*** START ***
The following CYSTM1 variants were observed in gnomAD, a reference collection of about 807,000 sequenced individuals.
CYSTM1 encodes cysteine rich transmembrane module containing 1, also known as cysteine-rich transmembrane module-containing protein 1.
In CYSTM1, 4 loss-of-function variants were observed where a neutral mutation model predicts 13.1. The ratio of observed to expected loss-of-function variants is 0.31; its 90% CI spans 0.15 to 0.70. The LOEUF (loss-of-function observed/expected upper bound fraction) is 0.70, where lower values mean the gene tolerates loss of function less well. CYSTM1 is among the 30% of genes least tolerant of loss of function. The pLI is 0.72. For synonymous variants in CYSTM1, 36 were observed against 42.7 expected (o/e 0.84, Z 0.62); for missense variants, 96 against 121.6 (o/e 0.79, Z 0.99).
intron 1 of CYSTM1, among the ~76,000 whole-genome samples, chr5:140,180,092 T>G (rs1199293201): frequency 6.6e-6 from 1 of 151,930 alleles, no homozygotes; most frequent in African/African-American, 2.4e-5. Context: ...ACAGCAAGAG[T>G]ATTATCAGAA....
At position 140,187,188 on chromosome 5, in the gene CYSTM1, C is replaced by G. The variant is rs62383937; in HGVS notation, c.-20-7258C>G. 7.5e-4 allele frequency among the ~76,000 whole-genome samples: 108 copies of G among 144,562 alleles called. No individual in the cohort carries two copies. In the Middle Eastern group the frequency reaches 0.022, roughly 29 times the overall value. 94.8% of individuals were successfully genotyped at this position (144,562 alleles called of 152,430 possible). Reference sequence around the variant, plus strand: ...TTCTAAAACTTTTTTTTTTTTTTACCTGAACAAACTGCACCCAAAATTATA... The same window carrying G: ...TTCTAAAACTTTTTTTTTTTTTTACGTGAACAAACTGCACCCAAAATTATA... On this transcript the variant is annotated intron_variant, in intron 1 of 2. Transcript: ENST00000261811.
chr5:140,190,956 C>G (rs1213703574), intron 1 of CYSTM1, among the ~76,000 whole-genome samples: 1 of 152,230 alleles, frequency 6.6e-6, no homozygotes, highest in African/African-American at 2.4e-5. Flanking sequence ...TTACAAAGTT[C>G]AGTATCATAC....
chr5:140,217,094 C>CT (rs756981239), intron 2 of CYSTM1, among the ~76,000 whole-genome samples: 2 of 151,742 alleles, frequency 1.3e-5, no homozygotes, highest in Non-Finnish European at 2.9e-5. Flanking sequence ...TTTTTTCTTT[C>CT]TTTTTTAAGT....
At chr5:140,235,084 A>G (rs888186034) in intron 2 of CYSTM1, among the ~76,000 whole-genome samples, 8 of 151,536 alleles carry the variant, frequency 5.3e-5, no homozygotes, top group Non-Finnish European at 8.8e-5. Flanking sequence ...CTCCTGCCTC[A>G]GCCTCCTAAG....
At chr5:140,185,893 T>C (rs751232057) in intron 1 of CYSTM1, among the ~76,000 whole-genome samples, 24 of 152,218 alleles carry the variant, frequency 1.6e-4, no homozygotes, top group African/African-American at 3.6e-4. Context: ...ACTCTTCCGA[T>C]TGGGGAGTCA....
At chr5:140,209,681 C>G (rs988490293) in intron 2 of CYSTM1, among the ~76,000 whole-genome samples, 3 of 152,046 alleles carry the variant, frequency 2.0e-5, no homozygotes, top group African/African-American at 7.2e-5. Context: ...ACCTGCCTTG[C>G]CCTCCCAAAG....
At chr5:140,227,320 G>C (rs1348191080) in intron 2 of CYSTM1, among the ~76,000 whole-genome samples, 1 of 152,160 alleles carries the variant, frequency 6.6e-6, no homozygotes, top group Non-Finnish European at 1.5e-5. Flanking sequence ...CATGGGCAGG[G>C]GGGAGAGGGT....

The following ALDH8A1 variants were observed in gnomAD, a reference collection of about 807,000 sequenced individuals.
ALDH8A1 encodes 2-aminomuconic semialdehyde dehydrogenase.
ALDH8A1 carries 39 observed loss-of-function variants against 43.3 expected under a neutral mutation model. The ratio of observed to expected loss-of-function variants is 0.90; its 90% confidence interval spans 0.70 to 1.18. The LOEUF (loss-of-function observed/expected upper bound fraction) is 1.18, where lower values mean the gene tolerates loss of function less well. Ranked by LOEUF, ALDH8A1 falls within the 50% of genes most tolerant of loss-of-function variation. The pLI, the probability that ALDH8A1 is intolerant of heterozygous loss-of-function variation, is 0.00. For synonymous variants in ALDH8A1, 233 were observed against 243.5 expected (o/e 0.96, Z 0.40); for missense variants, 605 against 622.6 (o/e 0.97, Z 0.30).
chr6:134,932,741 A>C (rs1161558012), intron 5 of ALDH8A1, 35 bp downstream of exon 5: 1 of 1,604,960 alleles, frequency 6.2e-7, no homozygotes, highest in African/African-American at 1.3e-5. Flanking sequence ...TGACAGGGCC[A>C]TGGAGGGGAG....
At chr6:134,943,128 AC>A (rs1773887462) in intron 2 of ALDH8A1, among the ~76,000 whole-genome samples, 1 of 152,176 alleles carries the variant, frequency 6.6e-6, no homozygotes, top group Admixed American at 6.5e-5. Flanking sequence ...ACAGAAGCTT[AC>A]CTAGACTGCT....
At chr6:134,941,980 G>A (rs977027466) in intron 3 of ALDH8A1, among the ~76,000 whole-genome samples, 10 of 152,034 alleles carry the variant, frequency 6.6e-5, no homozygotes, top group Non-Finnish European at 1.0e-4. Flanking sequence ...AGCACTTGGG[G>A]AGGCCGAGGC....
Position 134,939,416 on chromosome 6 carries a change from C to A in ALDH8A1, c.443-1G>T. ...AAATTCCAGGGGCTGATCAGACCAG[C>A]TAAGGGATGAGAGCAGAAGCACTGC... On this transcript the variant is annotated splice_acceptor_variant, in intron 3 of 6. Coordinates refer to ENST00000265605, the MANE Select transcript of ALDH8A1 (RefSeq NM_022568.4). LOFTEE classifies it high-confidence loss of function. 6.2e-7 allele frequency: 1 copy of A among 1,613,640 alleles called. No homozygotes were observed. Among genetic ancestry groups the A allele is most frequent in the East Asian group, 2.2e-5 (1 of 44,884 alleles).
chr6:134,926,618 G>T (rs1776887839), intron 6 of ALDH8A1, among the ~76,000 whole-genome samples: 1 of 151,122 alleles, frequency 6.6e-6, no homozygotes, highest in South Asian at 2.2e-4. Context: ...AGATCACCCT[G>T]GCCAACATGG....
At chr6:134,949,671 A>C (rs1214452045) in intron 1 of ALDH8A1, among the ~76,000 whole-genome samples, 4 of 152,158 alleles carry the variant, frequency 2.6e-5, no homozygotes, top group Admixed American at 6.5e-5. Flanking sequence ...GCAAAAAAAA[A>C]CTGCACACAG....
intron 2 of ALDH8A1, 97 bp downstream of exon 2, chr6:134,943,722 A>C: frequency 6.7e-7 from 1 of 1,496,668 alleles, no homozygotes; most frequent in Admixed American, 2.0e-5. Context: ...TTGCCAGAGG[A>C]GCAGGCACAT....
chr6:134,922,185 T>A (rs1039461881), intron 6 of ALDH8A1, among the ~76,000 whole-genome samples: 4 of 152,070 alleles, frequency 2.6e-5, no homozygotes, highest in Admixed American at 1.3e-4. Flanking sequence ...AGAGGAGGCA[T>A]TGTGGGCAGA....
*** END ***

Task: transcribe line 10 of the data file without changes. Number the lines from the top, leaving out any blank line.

At chr5:140,209,681 C>G (rs988490293) in intron 2 of CYSTM1, among the ~76,000 whole-genome samples, 3 of 152,046 alleles carry the variant, frequency 2.0e-5, no homozygotes, top group African/African-American at 7.2e-5. Context: ...ACCTGCCTTG[C>G]CCTCCCAAAG....